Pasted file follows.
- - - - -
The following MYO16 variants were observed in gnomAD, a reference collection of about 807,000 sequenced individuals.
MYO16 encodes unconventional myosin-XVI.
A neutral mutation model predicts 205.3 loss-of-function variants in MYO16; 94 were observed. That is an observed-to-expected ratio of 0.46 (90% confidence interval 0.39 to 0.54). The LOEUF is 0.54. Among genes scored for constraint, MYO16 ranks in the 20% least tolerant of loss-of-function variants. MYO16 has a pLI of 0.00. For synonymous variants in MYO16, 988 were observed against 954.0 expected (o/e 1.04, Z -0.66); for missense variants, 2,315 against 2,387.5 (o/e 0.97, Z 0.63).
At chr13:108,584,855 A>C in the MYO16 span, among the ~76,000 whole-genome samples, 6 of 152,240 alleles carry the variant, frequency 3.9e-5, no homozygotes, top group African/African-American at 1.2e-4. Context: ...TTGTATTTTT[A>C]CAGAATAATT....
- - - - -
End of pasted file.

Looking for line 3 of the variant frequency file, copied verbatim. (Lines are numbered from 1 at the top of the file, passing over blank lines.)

A neutral mutation model predicts 205.3 loss-of-function variants in MYO16; 94 were observed. That is an observed-to-expected ratio of 0.46 (90% confidence interval 0.39 to 0.54). The LOEUF is 0.54. Among genes scored for constraint, MYO16 ranks in the 20% least tolerant of loss-of-function variants. MYO16 has a pLI of 0.00. For synonymous variants in MYO16, 988 were observed against 954.0 expected (o/e 1.04, Z -0.66); for missense variants, 2,315 against 2,387.5 (o/e 0.97, Z 0.63).